The website Omaha.com has a column called Ask Amy, where readers can ask Amy Dickinson all sorts of questions. Amy is a columnist who has a rather lengthy resume. The point is, she isn’t new to this world and has been doing this for some time.
A recent question and answer routine showed up today, and the discussion from both sides will truly give you your ‘WTF Moment of the Day’.
The question revolved around a mother’s daughter, who apparently has recently become a gun owner. This fact, in the mother’s eyes, has instantly turned her daughter into a person who intends to engage in criminal activity.
Here’s the submitted information and question;
Dear Amy: This week, I discovered that my intelligent, hard-working, responsible 24-year-old daughter (who lives with me) is a gun owner! And it’s not a normal gun, either — it is a 40-caliber semi-automatic, and she has hollow-point bullets to go with it.
Amy, this is the kind of weapon a criminal would possess! She says it is for emergencies. There have only been two home invasions in our neighborhood in the last 11 years.
I’ve given her three choices: She can either give her weapon to me, sell it or move out in three weeks.
I love my daughter and would be so sad for her to move into a place that she would hardly be able to afford, but now I have to lock my bedroom door at night because I don’t know what she’s going to do.
Now she says that I don’t trust her, and is barely speaking to me. How can I convince her to stop endangering us?via omaha.com
Let that sink in for a moment.
We aren’t sure where this concerned mother is located, but it’s a rather irrelevant question given the context.
When I first started reading, getting through the first paragraph, I was convinced that this was a person looking to troll Amy. I continued reading, and came to the conclusion that this is no troll, but rather a person who lives in their own little bubble on earth.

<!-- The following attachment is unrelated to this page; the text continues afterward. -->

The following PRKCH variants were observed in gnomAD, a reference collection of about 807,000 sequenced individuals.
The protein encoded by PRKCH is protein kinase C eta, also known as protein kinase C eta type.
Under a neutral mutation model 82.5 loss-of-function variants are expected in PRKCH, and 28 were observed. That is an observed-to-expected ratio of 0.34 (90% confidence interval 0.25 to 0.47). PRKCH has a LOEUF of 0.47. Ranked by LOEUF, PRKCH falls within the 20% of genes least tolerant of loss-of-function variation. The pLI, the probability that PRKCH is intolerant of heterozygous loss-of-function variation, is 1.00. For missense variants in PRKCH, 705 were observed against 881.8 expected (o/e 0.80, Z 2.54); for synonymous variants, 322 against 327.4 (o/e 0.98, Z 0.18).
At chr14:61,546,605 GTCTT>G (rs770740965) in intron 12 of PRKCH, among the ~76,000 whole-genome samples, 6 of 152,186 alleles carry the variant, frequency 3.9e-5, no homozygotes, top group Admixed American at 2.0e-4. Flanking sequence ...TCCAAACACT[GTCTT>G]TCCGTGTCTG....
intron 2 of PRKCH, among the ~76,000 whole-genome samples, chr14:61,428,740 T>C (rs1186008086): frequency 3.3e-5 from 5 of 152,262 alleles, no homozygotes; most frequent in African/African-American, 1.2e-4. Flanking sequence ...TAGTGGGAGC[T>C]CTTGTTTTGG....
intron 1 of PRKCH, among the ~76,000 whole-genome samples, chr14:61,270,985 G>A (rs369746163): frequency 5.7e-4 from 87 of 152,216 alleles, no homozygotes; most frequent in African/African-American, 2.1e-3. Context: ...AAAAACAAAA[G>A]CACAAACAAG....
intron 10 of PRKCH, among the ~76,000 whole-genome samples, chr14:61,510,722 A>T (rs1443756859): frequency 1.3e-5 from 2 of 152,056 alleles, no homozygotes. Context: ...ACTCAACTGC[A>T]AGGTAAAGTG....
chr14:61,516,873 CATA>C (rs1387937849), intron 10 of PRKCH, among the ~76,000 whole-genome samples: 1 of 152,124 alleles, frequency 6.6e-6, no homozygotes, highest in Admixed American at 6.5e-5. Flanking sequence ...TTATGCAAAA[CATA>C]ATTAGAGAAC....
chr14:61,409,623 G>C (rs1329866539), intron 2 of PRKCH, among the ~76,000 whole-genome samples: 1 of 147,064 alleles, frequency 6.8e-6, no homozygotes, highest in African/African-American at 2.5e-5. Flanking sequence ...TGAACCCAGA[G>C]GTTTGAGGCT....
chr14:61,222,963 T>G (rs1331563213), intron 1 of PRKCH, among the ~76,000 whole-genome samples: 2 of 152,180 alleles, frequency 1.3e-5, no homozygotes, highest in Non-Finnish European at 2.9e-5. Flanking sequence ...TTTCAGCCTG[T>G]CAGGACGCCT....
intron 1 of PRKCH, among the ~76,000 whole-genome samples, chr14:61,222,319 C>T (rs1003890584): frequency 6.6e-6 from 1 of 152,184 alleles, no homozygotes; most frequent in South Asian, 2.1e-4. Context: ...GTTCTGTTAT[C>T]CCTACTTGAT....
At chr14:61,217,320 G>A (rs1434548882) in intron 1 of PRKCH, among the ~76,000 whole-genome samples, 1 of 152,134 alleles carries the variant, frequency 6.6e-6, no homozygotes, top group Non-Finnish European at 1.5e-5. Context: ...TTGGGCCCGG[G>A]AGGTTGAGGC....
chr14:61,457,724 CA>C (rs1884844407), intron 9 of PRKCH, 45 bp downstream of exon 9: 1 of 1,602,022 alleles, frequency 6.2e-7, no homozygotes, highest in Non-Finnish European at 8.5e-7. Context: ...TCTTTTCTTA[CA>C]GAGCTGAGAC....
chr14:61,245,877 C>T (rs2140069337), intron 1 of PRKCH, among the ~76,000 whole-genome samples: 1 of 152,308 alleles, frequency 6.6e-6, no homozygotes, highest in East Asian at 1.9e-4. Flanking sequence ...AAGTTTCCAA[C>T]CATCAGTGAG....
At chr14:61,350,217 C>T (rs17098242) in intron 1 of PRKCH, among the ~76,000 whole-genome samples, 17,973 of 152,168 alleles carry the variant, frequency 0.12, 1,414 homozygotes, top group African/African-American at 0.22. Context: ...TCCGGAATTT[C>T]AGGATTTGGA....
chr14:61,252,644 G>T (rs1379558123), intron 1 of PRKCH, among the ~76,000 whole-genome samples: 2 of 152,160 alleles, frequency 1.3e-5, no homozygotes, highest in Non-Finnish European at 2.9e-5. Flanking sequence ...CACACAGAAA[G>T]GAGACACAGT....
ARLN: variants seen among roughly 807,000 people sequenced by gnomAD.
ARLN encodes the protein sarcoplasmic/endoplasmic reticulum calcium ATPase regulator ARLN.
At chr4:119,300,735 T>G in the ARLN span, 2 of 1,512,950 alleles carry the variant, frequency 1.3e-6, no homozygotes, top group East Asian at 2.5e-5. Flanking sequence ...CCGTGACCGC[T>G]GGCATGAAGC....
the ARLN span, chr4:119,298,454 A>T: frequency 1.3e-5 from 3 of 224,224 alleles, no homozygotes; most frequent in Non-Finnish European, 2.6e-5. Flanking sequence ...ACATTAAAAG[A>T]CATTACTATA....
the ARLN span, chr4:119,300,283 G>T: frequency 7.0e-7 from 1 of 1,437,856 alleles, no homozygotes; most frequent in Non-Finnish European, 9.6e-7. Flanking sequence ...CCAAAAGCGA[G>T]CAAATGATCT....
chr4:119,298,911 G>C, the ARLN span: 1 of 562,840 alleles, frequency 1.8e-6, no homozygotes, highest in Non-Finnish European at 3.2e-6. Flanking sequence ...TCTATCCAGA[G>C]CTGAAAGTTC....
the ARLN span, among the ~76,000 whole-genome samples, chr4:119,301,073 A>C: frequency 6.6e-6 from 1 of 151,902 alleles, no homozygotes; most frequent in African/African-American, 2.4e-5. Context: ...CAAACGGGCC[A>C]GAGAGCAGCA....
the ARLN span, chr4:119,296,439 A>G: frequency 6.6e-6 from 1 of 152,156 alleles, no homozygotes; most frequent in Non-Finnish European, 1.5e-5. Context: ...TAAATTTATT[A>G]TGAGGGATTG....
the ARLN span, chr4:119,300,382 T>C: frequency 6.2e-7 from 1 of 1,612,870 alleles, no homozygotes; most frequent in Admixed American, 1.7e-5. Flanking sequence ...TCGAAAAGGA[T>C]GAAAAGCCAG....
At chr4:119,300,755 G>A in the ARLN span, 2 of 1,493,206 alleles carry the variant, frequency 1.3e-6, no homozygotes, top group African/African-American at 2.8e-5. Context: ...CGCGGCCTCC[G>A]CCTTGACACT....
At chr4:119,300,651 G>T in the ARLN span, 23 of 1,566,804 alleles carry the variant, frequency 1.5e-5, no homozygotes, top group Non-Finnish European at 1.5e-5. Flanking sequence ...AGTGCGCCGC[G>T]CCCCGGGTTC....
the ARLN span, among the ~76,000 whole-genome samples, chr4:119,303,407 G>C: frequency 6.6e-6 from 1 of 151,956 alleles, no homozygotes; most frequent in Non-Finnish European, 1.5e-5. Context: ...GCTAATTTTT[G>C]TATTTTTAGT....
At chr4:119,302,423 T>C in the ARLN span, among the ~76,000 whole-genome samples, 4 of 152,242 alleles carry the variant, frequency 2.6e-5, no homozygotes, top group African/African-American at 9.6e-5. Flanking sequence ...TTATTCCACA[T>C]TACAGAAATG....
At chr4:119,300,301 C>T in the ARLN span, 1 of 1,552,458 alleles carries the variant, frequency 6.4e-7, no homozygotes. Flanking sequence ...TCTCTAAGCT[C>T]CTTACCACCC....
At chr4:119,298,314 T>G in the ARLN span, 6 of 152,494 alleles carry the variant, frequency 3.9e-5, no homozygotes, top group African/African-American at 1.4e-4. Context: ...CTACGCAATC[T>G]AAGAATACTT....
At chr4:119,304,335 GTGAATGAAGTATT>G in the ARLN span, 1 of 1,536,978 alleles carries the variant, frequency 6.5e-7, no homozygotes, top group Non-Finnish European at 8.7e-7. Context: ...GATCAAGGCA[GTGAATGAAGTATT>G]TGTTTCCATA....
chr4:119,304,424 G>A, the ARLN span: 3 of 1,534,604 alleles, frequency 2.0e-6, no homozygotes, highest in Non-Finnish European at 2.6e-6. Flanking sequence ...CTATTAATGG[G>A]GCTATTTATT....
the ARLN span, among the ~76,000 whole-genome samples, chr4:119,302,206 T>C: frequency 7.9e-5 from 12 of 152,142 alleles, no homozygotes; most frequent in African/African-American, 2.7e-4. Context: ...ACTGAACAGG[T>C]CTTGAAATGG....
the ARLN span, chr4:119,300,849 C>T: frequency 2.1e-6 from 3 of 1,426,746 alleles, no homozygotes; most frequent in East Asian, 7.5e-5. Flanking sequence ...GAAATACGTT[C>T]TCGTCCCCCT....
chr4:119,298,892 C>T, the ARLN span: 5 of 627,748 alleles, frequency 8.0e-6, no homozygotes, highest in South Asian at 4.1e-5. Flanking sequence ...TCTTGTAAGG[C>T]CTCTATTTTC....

Dear Dumbfounded: According to my research, possessing hollow-point bullets is illegal in 11 states; is it legal in your state to own this sort of exploding ammunition?
Yep, we’re off to a bad start. Translation: “Maybe we can simply have your daughter arrested for illegal possession of ammunition!”
In a report published in 2015, researchers at the University of Chicago found that 31 percent of households reported having a firearm in 2014, down from about 48 percent in 1980.
According to this study, there are more guns, but concentrated in fewer households. Why must your household be one of them?
It’s possible that her daughter wanted a means to protect herself, or, she simply wanted to dive into the world of gun ownership. No crime in either case.
Where did your daughter get this weapon and ammunition? Has she received any safety training or certification? (Accidental gun death is a substantial risk of owning a gun.) Is she perhaps engaged in another activity outside of your household that exposes her to increased risks and makes her believe she needs to have a weapon?
Let’s assume that the daughter purchased everything legal. The second question posed by Amy is a legitimate one, as we always encourage every gun owner to seek out training. If all gun owners are safe, and train to become safer and better, negligent discharges would be a thing of the past.
One point for Amy.
Amy, I’m going to have to take your point away:
I have news for you: A locked bedroom door is no match for this weaponry; as I write this, just five days ago a father in South Carolina tragically shot and killed his own 23-year-old daughter through a closed door — when he mistook her for an intruder.
I agree with your ultimatum; I also weep that there is yet another (likely unsafe) gun owner in this country.
We report on many of these tragedies, alerting people that negligence does occur, and is completely unacceptable and 100% avoidable.
Instead of throwing someone out, especially family, for simply owning a firearm, why not sit down and have an actual conversation about it. If it’s truly a concern for this mother, maybe a compromise between mother and daughter can be achieved.
This much fear surrounding firearms is usually the result of a poor educational background with firearms. Those who fear them the most are the ones who understand them the least.